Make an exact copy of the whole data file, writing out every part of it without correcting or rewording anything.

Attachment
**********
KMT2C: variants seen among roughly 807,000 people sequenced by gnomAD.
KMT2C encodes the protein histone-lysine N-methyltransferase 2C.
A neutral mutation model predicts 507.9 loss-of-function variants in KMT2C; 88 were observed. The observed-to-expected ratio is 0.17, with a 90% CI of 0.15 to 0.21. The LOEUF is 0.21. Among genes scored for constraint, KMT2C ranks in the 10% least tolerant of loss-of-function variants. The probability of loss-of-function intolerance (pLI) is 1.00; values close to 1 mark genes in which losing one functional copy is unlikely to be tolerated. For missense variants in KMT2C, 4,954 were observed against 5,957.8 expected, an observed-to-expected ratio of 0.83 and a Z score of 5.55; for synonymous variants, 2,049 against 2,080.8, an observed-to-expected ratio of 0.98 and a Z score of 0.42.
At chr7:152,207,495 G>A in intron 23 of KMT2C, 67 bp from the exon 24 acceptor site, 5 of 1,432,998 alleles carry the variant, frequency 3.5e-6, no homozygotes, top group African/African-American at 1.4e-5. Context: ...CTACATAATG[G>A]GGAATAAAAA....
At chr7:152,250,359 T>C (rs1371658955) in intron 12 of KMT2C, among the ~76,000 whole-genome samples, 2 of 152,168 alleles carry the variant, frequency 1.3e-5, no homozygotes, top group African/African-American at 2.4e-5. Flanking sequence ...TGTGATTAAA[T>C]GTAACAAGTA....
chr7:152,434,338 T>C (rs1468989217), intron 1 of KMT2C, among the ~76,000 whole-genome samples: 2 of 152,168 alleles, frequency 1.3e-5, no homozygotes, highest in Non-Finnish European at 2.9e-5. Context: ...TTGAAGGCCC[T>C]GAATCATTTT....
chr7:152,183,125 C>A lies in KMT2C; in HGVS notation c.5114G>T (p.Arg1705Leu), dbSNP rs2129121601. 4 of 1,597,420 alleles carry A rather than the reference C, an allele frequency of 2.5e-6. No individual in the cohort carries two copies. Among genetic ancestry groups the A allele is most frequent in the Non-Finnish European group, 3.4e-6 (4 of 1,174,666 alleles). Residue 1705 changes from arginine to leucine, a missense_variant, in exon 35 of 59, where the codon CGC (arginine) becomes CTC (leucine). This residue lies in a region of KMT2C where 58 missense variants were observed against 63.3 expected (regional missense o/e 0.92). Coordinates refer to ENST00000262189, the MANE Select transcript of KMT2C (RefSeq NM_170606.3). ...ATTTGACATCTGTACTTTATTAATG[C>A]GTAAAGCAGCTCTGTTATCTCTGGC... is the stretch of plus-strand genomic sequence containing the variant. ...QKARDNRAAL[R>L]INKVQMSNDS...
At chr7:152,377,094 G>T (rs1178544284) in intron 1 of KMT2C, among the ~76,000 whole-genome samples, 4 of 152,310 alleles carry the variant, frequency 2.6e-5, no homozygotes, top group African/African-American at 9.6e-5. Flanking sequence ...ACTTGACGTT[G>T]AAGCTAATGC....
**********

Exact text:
KMT2C: variants seen among roughly 807,000 people sequenced by gnomAD.
KMT2C encodes the protein histone-lysine N-methyltransferase 2C.
A neutral mutation model predicts 507.9 loss-of-function variants in KMT2C; 88 were observed. The observed-to-expected ratio is 0.17, with a 90% CI of 0.15 to 0.21. The LOEUF is 0.21. Among genes scored for constraint, KMT2C ranks in the 10% least tolerant of loss-of-function variants. The probability of loss-of-function intolerance (pLI) is 1.00; values close to 1 mark genes in which losing one functional copy is unlikely to be tolerated. For missense variants in KMT2C, 4,954 were observed against 5,957.8 expected, an observed-to-expected ratio of 0.83 and a Z score of 5.55; for synonymous variants, 2,049 against 2,080.8, an observed-to-expected ratio of 0.98 and a Z score of 0.42.
At chr7:152,207,495 G>A in intron 23 of KMT2C, 67 bp from the exon 24 acceptor site, 5 of 1,432,998 alleles carry the variant, frequency 3.5e-6, no homozygotes, top group African/African-American at 1.4e-5. Context: ...CTACATAATG[G>A]GGAATAAAAA....
At chr7:152,250,359 T>C (rs1371658955) in intron 12 of KMT2C, among the ~76,000 whole-genome samples, 2 of 152,168 alleles carry the variant, frequency 1.3e-5, no homozygotes, top group African/African-American at 2.4e-5. Flanking sequence ...TGTGATTAAA[T>C]GTAACAAGTA....
chr7:152,434,338 T>C (rs1468989217), intron 1 of KMT2C, among the ~76,000 whole-genome samples: 2 of 152,168 alleles, frequency 1.3e-5, no homozygotes, highest in Non-Finnish European at 2.9e-5. Context: ...TTGAAGGCCC[T>C]GAATCATTTT....
chr7:152,183,125 C>A lies in KMT2C; in HGVS notation c.5114G>T (p.Arg1705Leu), dbSNP rs2129121601. 4 of 1,597,420 alleles carry A rather than the reference C, an allele frequency of 2.5e-6. No individual in the cohort carries two copies. Among genetic ancestry groups the A allele is most frequent in the Non-Finnish European group, 3.4e-6 (4 of 1,174,666 alleles). Residue 1705 changes from arginine to leucine, a missense_variant, in exon 35 of 59, where the codon CGC (arginine) becomes CTC (leucine). This residue lies in a region of KMT2C where 58 missense variants were observed against 63.3 expected (regional missense o/e 0.92). Coordinates refer to ENST00000262189, the MANE Select transcript of KMT2C (RefSeq NM_170606.3). ...ATTTGACATCTGTACTTTATTAATG[C>A]GTAAAGCAGCTCTGTTATCTCTGGC... is the stretch of plus-strand genomic sequence containing the variant. ...QKARDNRAAL[R>L]INKVQMSNDS...
At chr7:152,377,094 G>T (rs1178544284) in intron 1 of KMT2C, among the ~76,000 whole-genome samples, 4 of 152,310 alleles carry the variant, frequency 2.6e-5, no homozygotes, top group African/African-American at 9.6e-5. Flanking sequence ...ACTTGACGTT[G>T]AAGCTAATGC....